Madley's paper is a well-documented and well-written antagonist to both Cobern's article and writings by a Keith Windschuttle, particularly The Fabrication of Aboriginal History, Volume One: Van Diemen's Land 1803-1847, published in 2002. In Fabrication, Windschuttle threw away convention and argued similarly to Cobern; the death of the Tasmanian aborigine was not the result of European influence. It was, in fact, their own fault. Patricia Grimshaw points out many of the logical issues in Windschuttle's argument in her short article, The Fabrication of a Benign Colonisation?, published in the journal Australian Historical Studies in 2004. The article is fairly short; Grimshaw herself states that 'In this brief space it is not possible to do more than commence an evaluation of [Windschuttle's book],' although she does so with remarkable lucidity.

Return, then, to Patricia Cobern's article. Published twenty years before Windschuttle's Fabrication, "Who really killed Tasmania's aborigines?" interestingly contains many of the rhetorical elements of the later book in microcosm, notably in its eerily similar revelation of aboriginal culpability. It is for this reason that I recommend Grimshaw's essay as a companion to the Cobern article reproduced here.

Cobern's writing is in the quotation block below, edited for typographical mistakes between an original copy and the copy I initially found on the internet. Changes between the original version and the final text are documented in a PDF for those that might be interested.

Links for related reading
  1. My initial commentary on Cobern's article [PDF Format - May only be compatible with Adobe's own PDF reader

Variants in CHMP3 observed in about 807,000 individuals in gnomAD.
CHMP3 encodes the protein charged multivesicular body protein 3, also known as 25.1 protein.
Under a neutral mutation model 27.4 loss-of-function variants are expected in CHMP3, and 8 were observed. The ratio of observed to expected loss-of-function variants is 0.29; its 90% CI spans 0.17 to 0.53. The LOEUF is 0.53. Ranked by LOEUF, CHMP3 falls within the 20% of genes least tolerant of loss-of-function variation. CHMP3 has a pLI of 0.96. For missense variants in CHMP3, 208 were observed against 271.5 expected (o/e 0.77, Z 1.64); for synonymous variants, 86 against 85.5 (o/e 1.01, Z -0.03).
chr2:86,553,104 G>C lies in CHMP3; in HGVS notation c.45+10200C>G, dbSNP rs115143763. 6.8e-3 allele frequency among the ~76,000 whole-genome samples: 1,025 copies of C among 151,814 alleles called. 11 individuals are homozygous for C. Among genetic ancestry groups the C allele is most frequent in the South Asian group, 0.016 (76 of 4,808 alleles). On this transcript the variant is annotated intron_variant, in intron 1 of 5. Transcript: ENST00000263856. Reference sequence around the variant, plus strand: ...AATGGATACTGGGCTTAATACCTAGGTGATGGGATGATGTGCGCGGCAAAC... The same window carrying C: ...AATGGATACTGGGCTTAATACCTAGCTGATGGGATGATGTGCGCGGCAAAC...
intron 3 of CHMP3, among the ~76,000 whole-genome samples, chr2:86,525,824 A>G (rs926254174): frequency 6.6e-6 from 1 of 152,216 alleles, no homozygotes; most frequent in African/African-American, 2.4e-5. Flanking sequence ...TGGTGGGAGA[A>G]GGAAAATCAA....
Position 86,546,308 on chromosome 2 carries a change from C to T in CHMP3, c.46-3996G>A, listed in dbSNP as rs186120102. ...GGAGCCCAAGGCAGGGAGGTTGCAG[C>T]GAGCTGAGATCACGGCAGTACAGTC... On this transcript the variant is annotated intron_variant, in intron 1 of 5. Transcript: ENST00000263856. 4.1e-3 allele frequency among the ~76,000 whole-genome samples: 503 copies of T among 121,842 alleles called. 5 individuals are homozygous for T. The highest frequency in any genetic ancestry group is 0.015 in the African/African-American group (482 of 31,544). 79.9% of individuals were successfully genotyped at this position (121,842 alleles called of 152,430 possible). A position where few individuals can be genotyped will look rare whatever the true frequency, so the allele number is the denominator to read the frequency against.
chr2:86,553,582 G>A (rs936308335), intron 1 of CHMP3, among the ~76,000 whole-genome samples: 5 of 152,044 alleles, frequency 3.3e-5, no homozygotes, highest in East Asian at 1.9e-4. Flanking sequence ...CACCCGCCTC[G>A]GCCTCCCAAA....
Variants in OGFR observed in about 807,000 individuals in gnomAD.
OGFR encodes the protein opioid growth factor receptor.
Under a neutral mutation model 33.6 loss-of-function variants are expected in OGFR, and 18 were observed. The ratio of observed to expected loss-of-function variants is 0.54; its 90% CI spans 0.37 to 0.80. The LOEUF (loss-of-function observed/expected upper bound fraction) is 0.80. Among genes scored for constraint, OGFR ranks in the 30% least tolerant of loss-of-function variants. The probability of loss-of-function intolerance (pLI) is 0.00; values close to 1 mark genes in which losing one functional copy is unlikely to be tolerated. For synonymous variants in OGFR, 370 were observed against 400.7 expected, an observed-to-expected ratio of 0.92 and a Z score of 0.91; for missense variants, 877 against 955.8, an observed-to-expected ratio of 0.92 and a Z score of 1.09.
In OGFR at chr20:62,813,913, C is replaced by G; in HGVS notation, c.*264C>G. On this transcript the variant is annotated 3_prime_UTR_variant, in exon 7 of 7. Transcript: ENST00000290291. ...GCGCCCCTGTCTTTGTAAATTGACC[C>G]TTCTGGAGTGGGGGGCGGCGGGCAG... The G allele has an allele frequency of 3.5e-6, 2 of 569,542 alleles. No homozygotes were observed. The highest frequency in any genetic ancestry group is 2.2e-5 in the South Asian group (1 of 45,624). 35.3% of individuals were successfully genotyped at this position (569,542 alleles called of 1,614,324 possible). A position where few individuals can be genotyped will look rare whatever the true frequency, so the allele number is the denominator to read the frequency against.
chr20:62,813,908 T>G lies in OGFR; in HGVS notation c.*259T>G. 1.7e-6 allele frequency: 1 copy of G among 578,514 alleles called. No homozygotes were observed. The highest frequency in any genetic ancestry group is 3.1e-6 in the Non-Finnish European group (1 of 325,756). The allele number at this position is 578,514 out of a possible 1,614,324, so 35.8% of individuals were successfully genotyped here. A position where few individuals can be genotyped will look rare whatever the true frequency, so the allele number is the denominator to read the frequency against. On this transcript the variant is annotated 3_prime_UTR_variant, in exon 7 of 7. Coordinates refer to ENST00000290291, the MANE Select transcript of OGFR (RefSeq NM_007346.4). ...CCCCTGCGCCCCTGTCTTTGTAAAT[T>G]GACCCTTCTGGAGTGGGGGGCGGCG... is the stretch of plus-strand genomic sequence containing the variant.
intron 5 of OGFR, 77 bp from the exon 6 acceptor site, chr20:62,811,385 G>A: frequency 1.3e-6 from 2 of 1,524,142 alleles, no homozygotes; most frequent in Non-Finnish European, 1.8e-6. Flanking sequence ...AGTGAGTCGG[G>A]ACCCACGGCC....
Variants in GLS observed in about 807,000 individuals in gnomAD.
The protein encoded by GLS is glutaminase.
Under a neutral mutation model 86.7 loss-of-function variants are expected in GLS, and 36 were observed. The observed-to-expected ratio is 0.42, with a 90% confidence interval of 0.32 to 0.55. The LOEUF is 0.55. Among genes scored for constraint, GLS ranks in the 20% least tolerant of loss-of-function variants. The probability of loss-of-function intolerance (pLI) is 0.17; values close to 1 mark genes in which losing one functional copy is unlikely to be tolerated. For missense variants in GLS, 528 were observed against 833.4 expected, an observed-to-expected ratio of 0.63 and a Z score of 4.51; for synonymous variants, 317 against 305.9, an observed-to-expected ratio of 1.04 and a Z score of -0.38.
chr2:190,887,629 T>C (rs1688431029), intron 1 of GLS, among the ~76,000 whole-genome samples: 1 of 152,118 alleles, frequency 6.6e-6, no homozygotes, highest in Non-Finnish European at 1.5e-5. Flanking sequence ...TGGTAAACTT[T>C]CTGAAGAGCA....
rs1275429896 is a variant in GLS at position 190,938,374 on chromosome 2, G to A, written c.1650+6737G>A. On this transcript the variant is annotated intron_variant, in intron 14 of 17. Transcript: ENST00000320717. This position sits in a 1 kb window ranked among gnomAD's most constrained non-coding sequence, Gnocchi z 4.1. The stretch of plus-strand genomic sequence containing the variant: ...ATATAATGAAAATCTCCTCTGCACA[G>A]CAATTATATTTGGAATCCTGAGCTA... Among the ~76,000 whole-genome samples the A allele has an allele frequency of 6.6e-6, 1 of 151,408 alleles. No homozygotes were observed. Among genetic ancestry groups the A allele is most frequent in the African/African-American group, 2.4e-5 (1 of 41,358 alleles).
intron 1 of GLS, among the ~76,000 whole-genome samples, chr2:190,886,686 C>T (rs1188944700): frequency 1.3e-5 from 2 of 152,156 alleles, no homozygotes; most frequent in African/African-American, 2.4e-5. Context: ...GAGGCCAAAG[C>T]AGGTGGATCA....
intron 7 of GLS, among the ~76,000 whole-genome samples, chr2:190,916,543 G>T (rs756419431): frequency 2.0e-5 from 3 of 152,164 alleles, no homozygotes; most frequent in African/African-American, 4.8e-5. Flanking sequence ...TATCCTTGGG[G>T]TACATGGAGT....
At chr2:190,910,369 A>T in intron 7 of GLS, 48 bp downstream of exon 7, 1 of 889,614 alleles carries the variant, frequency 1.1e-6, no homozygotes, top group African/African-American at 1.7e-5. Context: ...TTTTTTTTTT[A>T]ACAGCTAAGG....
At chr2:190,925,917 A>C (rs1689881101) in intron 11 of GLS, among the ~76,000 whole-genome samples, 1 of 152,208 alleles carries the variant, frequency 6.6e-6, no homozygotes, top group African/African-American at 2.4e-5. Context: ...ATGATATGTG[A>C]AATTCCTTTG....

2. Alternate format for #1 [Microsoft Office 2007 (OOXML) format]
  3. Alternate format for #1 [Microsoft Office 97-2003 format]
  4. Comparison of the first version of the Cobern article I found with the final edited version [PDF format]
  5. The Fabrication of a Benign Colonisation?; Grimshaw, Patricia; Australian Historical Societies: April 2004, Volume 35, issue 123, pp. 122-129
  6. From Terror to Genocide: Britain's Tasmanian Penal Colony and Australia's History Wars; Madley, Benjamin; Journal of British Studies: January 2008, Volume 47, issue 1, pp. 77-106

(This article is an edited [typography mistakes removed] form of the copy retrieved from on May 5, 2008)
The Bulletin, February 23, 1982, pp. 32-34.

Who really killed Tasmania's aborigines?


The descendants of the early settlers of Tasmania have been branded as the children of murderers who were responsible for the genocide of the Tasmanian Aborigine. Is this really true?

The Encyclopaedia Britannica Research Service says ". . . It is a reasonable assumption that had the island remained undiscovered and European settlement not attempted until the present day, the Aborigines of Tasmania would have already become extinct and their few relics mere bones of contention between differing schools of Pacific archaeology. Like the moa-hunters of New Zealand and the unknown race which erected the stone giants on Easter Island, the fate of the Tasmanians would have been just another Polynesian mystery instead of a colonial tragedy . . ."

What then was the cause of the extinction of Tasmanian Aborigines? Although the first people to settle in what was then called Van Diemen's Land were mainly convicts and soldiers there were some free settlers. These were peace-loving folks: farmers, bootmakers, shopkeepers and laborers who had been given free passage to Tasmania and land on which to settle. Only those of high moral character were given passage as settlers. They had to produce character references and be sponsored by some reputable person who had known them for many years. Few had used a gun or weapon of any kind and they knew nothing about hunting or fighting.